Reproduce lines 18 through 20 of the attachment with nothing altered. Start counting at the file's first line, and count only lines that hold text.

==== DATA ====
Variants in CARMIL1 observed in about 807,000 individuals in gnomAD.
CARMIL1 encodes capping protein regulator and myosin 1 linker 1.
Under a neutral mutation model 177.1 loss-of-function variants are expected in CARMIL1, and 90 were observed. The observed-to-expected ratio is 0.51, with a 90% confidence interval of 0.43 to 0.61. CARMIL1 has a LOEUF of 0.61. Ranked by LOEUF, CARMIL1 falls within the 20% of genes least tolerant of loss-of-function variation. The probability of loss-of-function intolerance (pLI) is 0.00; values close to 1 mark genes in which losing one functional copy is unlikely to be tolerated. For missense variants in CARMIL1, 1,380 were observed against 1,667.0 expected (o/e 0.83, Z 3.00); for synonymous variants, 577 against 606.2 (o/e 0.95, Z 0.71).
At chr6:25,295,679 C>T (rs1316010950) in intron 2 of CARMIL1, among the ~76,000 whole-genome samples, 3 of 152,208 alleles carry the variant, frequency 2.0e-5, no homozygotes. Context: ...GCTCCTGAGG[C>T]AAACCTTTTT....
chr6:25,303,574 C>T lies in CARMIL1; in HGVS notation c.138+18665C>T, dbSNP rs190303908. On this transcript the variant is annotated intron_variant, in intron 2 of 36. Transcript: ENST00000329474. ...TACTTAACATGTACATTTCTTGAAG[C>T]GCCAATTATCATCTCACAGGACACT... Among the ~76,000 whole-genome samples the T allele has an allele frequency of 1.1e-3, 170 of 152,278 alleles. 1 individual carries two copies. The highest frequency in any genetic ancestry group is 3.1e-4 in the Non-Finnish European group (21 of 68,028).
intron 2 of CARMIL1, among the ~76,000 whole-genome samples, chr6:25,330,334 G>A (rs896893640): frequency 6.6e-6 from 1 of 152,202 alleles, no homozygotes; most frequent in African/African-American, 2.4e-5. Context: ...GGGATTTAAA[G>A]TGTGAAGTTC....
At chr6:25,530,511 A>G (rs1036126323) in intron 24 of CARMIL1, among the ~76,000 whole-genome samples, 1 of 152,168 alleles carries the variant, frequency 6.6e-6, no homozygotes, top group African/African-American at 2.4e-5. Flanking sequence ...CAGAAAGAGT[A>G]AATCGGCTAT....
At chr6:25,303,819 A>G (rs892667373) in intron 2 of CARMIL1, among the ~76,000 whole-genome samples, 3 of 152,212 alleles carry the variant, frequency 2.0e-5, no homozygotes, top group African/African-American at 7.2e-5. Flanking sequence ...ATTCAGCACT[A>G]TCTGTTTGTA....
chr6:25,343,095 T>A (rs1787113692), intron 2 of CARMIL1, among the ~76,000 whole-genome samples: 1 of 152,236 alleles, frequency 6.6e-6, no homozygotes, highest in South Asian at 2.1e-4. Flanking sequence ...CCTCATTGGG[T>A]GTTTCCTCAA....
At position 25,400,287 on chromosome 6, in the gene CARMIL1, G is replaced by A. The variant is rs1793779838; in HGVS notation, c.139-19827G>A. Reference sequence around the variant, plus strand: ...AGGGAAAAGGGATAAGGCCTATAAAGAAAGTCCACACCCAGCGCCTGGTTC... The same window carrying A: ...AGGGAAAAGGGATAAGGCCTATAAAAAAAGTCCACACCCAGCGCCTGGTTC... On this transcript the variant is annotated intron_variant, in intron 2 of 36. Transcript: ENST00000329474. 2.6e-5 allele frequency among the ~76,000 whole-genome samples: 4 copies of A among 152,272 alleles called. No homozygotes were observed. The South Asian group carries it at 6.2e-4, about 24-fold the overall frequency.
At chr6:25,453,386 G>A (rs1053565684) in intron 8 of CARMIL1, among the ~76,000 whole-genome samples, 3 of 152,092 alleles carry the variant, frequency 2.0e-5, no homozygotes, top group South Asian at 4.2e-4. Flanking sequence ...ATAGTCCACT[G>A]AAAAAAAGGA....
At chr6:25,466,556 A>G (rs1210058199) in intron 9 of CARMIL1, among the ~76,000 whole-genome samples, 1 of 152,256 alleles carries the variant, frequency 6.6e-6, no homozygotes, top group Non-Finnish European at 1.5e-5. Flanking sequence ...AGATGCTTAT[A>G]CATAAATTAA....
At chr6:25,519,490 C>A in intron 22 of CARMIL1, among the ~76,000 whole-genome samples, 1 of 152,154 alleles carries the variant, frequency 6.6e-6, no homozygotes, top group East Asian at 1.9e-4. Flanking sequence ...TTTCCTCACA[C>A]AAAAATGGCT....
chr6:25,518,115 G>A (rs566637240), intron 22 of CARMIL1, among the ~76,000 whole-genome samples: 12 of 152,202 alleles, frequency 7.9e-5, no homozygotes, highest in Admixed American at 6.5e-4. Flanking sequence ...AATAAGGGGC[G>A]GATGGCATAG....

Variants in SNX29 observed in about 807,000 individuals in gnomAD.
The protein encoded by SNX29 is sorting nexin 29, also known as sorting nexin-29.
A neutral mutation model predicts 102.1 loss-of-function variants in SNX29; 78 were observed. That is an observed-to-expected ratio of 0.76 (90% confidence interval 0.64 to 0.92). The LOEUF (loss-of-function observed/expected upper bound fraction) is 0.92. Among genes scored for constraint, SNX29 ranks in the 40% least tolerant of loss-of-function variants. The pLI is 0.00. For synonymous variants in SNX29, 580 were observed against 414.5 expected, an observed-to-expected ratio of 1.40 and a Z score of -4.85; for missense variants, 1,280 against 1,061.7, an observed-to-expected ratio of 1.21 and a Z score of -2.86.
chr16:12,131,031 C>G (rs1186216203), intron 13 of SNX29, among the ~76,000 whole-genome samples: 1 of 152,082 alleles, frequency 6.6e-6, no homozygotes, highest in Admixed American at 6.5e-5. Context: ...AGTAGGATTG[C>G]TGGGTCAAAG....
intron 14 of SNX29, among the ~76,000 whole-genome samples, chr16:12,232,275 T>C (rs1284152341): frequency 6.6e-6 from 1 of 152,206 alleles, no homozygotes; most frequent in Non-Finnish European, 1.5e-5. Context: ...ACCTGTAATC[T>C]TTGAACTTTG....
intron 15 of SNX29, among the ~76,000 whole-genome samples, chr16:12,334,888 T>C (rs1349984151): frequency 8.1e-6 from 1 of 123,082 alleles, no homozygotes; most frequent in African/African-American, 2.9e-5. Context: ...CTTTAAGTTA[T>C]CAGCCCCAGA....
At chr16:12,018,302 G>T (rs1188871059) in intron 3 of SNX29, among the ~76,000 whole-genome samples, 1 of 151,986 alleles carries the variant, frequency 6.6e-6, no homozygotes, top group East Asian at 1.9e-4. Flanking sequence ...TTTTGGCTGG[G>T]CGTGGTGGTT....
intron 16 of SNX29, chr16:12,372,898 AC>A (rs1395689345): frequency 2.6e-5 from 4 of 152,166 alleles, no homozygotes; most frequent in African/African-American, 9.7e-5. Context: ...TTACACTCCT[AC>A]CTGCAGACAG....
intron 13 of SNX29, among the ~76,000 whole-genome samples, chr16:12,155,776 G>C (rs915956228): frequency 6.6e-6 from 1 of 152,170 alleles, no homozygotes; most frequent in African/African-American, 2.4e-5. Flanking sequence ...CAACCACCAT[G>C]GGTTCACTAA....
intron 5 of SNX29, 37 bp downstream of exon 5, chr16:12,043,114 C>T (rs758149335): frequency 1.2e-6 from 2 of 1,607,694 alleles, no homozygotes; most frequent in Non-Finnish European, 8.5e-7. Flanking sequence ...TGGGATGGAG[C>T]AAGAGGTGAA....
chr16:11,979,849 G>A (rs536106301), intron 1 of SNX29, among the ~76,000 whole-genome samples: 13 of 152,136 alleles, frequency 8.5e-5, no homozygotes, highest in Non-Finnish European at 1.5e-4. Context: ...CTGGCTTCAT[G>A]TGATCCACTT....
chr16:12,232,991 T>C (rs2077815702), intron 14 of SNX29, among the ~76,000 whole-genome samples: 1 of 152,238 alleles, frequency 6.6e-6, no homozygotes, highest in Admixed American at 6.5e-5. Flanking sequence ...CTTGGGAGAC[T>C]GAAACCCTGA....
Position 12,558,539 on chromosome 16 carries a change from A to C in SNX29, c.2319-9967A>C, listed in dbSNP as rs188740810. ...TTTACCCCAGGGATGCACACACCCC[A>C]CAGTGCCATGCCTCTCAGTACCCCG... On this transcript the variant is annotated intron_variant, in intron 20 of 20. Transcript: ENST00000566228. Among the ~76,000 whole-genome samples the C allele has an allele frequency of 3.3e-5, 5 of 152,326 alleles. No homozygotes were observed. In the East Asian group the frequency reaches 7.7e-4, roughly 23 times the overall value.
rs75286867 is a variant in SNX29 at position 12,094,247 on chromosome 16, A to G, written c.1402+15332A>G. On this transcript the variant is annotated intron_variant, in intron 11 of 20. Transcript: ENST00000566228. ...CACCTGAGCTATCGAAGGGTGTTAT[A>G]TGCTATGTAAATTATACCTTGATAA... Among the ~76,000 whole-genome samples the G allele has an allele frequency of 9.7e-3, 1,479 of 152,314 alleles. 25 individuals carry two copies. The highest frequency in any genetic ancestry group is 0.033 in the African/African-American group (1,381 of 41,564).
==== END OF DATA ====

chr16:12,131,031 C>G (rs1186216203), intron 13 of SNX29, among the ~76,000 whole-genome samples: 1 of 152,082 alleles, frequency 6.6e-6, no homozygotes, highest in Admixed American at 6.5e-5. Context: ...AGTAGGATTG[C>G]TGGGTCAAAG....
intron 14 of SNX29, among the ~76,000 whole-genome samples, chr16:12,232,275 T>C (rs1284152341): frequency 6.6e-6 from 1 of 152,206 alleles, no homozygotes; most frequent in Non-Finnish European, 1.5e-5. Context: ...ACCTGTAATC[T>C]TTGAACTTTG....
intron 15 of SNX29, among the ~76,000 whole-genome samples, chr16:12,334,888 T>C (rs1349984151): frequency 8.1e-6 from 1 of 123,082 alleles, no homozygotes; most frequent in African/African-American, 2.9e-5. Context: ...CTTTAAGTTA[T>C]CAGCCCCAGA....